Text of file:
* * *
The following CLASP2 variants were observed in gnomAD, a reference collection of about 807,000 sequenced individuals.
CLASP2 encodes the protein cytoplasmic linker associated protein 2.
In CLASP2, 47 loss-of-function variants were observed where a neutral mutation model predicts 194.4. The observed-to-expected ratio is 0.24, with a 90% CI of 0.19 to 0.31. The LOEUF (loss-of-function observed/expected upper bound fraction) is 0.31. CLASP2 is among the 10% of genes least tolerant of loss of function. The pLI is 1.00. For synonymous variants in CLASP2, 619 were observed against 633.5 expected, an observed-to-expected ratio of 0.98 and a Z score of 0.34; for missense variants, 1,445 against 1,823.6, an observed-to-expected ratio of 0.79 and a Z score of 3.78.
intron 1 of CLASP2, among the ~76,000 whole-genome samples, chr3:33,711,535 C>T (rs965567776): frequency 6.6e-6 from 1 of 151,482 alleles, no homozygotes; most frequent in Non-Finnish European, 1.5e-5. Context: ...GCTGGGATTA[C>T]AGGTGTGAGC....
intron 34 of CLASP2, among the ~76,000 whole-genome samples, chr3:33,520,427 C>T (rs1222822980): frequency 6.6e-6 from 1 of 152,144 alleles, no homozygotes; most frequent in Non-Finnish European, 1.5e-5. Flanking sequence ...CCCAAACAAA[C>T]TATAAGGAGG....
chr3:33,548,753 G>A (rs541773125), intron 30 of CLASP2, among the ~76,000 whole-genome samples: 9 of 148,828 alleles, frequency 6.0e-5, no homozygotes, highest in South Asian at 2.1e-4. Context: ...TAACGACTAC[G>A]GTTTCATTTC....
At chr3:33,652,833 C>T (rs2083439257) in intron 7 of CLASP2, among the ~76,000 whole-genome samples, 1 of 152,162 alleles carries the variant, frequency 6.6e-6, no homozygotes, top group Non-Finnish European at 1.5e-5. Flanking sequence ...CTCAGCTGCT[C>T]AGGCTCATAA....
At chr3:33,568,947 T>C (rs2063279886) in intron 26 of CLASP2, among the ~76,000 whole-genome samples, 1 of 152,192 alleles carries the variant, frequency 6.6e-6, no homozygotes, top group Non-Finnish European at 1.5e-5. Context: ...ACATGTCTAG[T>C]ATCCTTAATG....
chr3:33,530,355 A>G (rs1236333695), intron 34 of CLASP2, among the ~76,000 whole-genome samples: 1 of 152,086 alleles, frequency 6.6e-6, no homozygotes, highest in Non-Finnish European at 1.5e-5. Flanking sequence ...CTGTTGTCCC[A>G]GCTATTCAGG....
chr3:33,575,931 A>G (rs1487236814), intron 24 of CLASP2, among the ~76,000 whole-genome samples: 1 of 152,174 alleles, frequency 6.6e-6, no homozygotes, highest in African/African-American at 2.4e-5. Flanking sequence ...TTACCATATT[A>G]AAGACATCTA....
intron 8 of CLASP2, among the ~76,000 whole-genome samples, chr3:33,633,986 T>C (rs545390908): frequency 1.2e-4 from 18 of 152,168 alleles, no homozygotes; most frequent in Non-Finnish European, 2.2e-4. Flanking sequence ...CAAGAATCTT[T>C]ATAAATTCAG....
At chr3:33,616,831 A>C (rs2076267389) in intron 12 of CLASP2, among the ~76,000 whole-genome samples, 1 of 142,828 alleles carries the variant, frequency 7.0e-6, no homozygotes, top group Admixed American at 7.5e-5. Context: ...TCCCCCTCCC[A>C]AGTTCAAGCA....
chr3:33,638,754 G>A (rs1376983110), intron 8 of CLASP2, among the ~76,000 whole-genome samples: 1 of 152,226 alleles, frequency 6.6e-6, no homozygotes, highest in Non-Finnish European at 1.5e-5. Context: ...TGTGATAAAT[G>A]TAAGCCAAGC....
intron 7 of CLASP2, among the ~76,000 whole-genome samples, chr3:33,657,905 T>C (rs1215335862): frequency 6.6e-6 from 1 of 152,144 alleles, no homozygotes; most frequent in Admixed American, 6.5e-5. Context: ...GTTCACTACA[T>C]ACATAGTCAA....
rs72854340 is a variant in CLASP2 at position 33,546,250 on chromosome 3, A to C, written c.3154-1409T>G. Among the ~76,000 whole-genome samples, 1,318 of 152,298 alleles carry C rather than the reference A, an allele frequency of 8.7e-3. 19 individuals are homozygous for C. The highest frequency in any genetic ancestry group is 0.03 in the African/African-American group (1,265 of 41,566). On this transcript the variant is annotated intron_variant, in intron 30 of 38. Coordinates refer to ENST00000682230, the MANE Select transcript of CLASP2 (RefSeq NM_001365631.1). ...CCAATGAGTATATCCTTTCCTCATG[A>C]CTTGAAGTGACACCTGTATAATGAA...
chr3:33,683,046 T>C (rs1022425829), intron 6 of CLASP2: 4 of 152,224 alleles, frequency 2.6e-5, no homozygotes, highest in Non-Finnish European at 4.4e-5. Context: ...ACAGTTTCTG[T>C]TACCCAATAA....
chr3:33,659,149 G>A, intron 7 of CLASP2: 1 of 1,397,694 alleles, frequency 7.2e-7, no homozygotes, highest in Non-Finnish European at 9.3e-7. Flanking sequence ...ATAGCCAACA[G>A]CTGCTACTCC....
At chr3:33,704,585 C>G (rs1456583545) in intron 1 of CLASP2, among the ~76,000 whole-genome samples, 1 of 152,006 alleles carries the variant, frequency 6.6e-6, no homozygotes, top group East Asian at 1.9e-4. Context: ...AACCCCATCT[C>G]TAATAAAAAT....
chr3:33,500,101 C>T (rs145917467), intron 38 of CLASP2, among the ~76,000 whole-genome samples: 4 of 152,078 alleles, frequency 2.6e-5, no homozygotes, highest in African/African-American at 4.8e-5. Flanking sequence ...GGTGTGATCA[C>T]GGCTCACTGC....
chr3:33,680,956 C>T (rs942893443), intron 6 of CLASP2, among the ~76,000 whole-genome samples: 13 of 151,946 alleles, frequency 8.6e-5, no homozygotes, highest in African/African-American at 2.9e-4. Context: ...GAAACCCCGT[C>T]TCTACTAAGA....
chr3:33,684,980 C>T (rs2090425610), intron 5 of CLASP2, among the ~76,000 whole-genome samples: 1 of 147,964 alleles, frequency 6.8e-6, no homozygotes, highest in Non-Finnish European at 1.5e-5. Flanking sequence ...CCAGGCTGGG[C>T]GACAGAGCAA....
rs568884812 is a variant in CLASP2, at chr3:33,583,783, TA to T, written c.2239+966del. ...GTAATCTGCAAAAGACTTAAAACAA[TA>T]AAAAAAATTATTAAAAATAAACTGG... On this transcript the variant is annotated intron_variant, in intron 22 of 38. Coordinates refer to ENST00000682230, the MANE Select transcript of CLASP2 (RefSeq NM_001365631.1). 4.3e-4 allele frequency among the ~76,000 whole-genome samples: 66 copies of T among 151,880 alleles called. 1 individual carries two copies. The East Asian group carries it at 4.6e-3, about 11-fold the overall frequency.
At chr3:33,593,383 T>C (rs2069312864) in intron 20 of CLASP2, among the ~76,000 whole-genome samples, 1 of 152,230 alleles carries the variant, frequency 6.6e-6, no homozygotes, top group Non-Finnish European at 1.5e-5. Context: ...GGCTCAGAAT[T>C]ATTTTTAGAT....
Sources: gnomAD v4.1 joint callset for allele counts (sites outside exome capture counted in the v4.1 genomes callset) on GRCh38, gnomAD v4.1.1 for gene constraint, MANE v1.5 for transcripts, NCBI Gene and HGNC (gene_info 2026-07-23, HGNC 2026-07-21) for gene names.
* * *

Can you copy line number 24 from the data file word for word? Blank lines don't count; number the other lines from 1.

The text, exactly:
Sources: gnomAD v4.1 joint callset for allele counts (sites outside exome capture counted in the v4.1 genomes callset) on GRCh38, gnomAD v4.1.1 for gene constraint, MANE v1.5 for transcripts, NCBI Gene and HGNC (gene_info 2026-07-23, HGNC 2026-07-21) for gene names.